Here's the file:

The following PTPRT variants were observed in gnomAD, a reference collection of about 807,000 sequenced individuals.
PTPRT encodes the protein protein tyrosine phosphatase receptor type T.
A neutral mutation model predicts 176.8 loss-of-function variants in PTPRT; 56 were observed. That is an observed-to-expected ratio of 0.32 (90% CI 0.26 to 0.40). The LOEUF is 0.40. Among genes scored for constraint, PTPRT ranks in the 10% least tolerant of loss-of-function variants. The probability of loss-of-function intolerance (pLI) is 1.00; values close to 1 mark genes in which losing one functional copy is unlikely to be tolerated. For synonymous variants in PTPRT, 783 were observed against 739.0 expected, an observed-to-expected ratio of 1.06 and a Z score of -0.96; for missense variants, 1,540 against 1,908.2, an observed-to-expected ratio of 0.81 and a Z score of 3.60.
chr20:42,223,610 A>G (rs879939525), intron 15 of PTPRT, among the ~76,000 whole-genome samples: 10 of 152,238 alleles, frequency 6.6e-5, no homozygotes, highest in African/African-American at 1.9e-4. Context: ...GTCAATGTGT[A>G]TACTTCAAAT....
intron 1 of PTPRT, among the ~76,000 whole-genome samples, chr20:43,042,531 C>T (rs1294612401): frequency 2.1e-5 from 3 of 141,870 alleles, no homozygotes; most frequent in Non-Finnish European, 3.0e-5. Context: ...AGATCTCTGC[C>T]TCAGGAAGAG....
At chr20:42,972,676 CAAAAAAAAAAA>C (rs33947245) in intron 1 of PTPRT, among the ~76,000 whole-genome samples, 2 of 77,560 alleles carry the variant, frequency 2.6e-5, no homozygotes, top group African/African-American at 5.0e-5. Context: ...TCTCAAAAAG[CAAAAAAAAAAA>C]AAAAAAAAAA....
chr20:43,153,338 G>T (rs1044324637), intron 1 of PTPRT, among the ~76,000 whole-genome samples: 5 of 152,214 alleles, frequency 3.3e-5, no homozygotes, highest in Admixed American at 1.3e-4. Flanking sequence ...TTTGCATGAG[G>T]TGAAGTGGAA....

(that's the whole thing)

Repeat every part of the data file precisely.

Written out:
The following PTPRT variants were observed in gnomAD, a reference collection of about 807,000 sequenced individuals.
PTPRT encodes the protein protein tyrosine phosphatase receptor type T.
A neutral mutation model predicts 176.8 loss-of-function variants in PTPRT; 56 were observed. That is an observed-to-expected ratio of 0.32 (90% CI 0.26 to 0.40). The LOEUF is 0.40. Among genes scored for constraint, PTPRT ranks in the 10% least tolerant of loss-of-function variants. The probability of loss-of-function intolerance (pLI) is 1.00; values close to 1 mark genes in which losing one functional copy is unlikely to be tolerated. For synonymous variants in PTPRT, 783 were observed against 739.0 expected, an observed-to-expected ratio of 1.06 and a Z score of -0.96; for missense variants, 1,540 against 1,908.2, an observed-to-expected ratio of 0.81 and a Z score of 3.60.
chr20:42,223,610 A>G (rs879939525), intron 15 of PTPRT, among the ~76,000 whole-genome samples: 10 of 152,238 alleles, frequency 6.6e-5, no homozygotes, highest in African/African-American at 1.9e-4. Context: ...GTCAATGTGT[A>G]TACTTCAAAT....
intron 1 of PTPRT, among the ~76,000 whole-genome samples, chr20:43,042,531 C>T (rs1294612401): frequency 2.1e-5 from 3 of 141,870 alleles, no homozygotes; most frequent in Non-Finnish European, 3.0e-5. Context: ...AGATCTCTGC[C>T]TCAGGAAGAG....
At chr20:42,972,676 CAAAAAAAAAAA>C (rs33947245) in intron 1 of PTPRT, among the ~76,000 whole-genome samples, 2 of 77,560 alleles carry the variant, frequency 2.6e-5, no homozygotes, top group African/African-American at 5.0e-5. Context: ...TCTCAAAAAG[CAAAAAAAAAAA>C]AAAAAAAAAA....
chr20:43,153,338 G>T (rs1044324637), intron 1 of PTPRT, among the ~76,000 whole-genome samples: 5 of 152,214 alleles, frequency 3.3e-5, no homozygotes, highest in Admixed American at 1.3e-4. Flanking sequence ...TTTGCATGAG[G>T]TGAAGTGGAA....